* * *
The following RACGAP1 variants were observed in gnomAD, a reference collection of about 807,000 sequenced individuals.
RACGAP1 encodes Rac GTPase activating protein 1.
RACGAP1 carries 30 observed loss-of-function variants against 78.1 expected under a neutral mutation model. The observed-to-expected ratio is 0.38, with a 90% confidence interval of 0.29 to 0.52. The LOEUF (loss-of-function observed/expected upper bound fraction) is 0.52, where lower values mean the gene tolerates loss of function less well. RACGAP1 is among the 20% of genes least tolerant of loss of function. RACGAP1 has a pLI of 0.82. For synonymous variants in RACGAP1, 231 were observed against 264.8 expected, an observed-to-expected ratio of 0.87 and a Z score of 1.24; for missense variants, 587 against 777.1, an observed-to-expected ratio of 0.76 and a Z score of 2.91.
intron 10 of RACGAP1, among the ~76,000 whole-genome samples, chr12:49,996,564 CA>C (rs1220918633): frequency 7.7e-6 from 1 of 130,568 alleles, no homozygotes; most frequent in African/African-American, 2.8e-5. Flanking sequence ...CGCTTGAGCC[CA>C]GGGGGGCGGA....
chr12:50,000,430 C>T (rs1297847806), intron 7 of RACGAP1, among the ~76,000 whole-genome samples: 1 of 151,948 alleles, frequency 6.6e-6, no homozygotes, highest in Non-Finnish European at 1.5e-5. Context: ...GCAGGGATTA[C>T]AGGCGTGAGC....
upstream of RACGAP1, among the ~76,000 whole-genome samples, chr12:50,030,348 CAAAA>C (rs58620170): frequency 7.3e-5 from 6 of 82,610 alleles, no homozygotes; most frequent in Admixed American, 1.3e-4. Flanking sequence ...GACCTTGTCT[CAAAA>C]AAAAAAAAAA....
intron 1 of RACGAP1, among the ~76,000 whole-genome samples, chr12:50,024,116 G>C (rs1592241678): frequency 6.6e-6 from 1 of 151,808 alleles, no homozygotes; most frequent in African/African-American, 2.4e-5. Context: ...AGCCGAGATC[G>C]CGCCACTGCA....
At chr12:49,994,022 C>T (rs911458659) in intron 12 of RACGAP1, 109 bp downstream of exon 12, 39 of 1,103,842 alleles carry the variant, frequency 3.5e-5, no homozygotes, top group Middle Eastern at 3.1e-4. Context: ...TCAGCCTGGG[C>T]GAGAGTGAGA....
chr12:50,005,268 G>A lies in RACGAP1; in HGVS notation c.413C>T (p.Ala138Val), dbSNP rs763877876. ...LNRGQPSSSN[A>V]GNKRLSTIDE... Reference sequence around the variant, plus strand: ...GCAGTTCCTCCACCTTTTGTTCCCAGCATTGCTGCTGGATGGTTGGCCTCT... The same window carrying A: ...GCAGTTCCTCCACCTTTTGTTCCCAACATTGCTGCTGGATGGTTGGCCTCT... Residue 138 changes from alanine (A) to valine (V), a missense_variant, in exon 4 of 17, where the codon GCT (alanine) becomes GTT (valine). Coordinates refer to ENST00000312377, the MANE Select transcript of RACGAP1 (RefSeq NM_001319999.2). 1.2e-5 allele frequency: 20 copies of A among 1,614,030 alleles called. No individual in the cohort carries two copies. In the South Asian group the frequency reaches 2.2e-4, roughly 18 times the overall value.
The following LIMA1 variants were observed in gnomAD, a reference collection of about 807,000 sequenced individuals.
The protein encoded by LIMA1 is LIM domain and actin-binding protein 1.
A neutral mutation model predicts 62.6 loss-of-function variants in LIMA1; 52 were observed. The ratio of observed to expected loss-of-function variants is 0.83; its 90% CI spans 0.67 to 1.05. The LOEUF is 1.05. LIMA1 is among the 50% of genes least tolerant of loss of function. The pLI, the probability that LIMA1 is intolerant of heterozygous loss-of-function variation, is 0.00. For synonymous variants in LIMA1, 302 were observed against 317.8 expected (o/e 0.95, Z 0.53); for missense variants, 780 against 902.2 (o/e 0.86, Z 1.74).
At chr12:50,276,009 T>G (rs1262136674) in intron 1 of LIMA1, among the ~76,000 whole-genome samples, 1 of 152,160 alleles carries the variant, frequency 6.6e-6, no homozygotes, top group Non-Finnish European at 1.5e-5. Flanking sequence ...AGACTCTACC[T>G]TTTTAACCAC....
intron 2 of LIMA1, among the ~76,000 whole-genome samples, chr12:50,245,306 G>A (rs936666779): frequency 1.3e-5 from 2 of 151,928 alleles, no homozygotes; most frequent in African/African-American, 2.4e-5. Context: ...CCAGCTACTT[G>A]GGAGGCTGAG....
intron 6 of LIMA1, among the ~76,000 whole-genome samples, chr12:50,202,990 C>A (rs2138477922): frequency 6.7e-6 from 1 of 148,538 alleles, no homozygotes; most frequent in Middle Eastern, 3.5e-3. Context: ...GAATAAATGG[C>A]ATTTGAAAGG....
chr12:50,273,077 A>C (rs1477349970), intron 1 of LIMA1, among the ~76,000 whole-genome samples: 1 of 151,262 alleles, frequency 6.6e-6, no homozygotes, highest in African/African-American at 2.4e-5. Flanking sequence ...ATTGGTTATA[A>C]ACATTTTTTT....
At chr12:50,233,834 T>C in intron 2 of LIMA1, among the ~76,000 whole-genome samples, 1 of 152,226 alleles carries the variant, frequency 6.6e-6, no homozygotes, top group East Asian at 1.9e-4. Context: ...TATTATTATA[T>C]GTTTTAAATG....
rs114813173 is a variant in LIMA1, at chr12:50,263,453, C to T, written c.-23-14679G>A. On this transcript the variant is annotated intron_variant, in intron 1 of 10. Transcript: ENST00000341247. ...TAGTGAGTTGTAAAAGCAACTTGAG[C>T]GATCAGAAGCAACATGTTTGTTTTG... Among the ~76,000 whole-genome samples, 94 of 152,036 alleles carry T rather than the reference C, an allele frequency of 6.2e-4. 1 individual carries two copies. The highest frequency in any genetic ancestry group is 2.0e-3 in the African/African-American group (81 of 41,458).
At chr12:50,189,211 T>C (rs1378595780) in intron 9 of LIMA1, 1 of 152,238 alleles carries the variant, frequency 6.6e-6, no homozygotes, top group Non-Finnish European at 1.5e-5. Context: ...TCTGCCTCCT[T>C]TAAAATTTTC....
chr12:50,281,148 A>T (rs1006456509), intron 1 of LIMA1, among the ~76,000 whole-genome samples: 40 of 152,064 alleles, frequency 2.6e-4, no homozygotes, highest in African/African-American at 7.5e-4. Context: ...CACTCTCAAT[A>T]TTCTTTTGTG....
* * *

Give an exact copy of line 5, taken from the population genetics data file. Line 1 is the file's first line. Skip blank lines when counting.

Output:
chr12:50,000,430 C>T (rs1297847806), intron 7 of RACGAP1, among the ~76,000 whole-genome samples: 1 of 151,948 alleles, frequency 6.6e-6, no homozygotes, highest in Non-Finnish European at 1.5e-5. Context: ...GCAGGGATTA[C>T]AGGCGTGAGC....